Port State Service
21/tcp open ftp
25/tcp open smtp
80/tcp open http
111/tcp open sunrpc
135/tcp open loc-srv
443/tcp open https
1027/tcp open IIS
1030/tcp open iad1
2306/tcp open unknown
5631/tcp open pcanywheredata
7937/tcp open unknown
7938/tcp open unknown
36890/tcp open unknown

Nmap run completed — 1 IP address (1 host up) scanned in 2594.472 seconds

Can you guess what Snort shows after this scan? Nada, zippo, nothing. It also appears that has permit ACLs on the router as we suspected. All that is left is to compromise this host (which would be a joke for a number of reasons, but again, that’s another tutorial).

NOTE: If the box running Snort and the zombie are hooked up to the same hub as your host running NMAP then you are owned before you begin. Even with the –P0 switch, NMAP will send ICMP traffic to the zombie, which will result in every port on the hub seeing the traffic. This includes the box running Snort. Snort will immediately see this as NMAP activity and will nail you as the source. Be sure you understand networking before you decide to be cute with this application.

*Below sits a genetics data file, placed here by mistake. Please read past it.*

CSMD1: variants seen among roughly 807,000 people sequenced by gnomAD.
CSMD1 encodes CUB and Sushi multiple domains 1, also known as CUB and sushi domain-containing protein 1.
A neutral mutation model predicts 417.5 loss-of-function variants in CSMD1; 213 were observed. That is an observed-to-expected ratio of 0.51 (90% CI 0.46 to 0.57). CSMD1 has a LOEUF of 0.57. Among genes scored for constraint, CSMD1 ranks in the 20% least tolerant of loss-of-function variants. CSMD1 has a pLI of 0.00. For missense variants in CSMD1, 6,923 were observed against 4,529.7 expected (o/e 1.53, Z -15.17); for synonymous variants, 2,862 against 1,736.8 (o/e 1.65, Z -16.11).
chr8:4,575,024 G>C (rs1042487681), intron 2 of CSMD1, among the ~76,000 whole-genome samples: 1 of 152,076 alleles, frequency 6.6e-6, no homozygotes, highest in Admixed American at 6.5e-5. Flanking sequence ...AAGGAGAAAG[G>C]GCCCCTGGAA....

NOTE: There are plenty of things you can do to prevent this type of attack. This technique is shown here so that you can see how mis-configured hardware can easily lead to complete compromise. Also, how to use NMAP to identify mis-configured networking hardware.

Next lesson will show how NMAP can be used to identify mis-configured firewalls and how to determine which ACLs are in use.

One Response to Tutorial – NMAP 3.48 Lesson 4 – Stealth Scans

  1. Pingback: Vulnerability Assessment tools « Eikonal Blog